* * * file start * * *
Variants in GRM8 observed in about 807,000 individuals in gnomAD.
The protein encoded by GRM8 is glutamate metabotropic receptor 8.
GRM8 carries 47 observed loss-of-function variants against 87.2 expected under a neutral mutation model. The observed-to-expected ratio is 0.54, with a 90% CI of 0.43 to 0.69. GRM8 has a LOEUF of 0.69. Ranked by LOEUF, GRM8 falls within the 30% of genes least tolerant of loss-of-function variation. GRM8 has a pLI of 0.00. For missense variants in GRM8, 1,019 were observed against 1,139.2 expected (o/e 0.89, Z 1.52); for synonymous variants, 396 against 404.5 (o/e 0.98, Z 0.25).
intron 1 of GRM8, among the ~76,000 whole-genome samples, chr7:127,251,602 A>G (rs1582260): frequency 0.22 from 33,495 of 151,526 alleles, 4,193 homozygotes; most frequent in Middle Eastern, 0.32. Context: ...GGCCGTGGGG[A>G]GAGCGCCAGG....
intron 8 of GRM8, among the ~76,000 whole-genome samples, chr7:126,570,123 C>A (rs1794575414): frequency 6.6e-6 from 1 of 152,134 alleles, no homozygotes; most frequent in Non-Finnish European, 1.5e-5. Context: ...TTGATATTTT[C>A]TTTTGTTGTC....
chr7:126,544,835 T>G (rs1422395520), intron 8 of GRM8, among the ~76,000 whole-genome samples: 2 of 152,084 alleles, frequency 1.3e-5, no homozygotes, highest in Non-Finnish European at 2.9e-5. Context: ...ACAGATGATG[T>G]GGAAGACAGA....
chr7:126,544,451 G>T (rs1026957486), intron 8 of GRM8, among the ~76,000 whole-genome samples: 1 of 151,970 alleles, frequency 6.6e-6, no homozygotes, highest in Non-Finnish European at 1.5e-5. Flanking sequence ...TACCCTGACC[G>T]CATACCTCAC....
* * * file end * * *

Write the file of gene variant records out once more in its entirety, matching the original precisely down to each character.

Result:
Variants in GRM8 observed in about 807,000 individuals in gnomAD.
The protein encoded by GRM8 is glutamate metabotropic receptor 8.
GRM8 carries 47 observed loss-of-function variants against 87.2 expected under a neutral mutation model. The observed-to-expected ratio is 0.54, with a 90% CI of 0.43 to 0.69. GRM8 has a LOEUF of 0.69. Ranked by LOEUF, GRM8 falls within the 30% of genes least tolerant of loss-of-function variation. GRM8 has a pLI of 0.00. For missense variants in GRM8, 1,019 were observed against 1,139.2 expected (o/e 0.89, Z 1.52); for synonymous variants, 396 against 404.5 (o/e 0.98, Z 0.25).
intron 1 of GRM8, among the ~76,000 whole-genome samples, chr7:127,251,602 A>G (rs1582260): frequency 0.22 from 33,495 of 151,526 alleles, 4,193 homozygotes; most frequent in Middle Eastern, 0.32. Context: ...GGCCGTGGGG[A>G]GAGCGCCAGG....
intron 8 of GRM8, among the ~76,000 whole-genome samples, chr7:126,570,123 C>A (rs1794575414): frequency 6.6e-6 from 1 of 152,134 alleles, no homozygotes; most frequent in Non-Finnish European, 1.5e-5. Context: ...TTGATATTTT[C>A]TTTTGTTGTC....
chr7:126,544,835 T>G (rs1422395520), intron 8 of GRM8, among the ~76,000 whole-genome samples: 2 of 152,084 alleles, frequency 1.3e-5, no homozygotes, highest in Non-Finnish European at 2.9e-5. Context: ...ACAGATGATG[T>G]GGAAGACAGA....
chr7:126,544,451 G>T (rs1026957486), intron 8 of GRM8, among the ~76,000 whole-genome samples: 1 of 151,970 alleles, frequency 6.6e-6, no homozygotes, highest in Non-Finnish European at 1.5e-5. Flanking sequence ...TACCCTGACC[G>T]CATACCTCAC....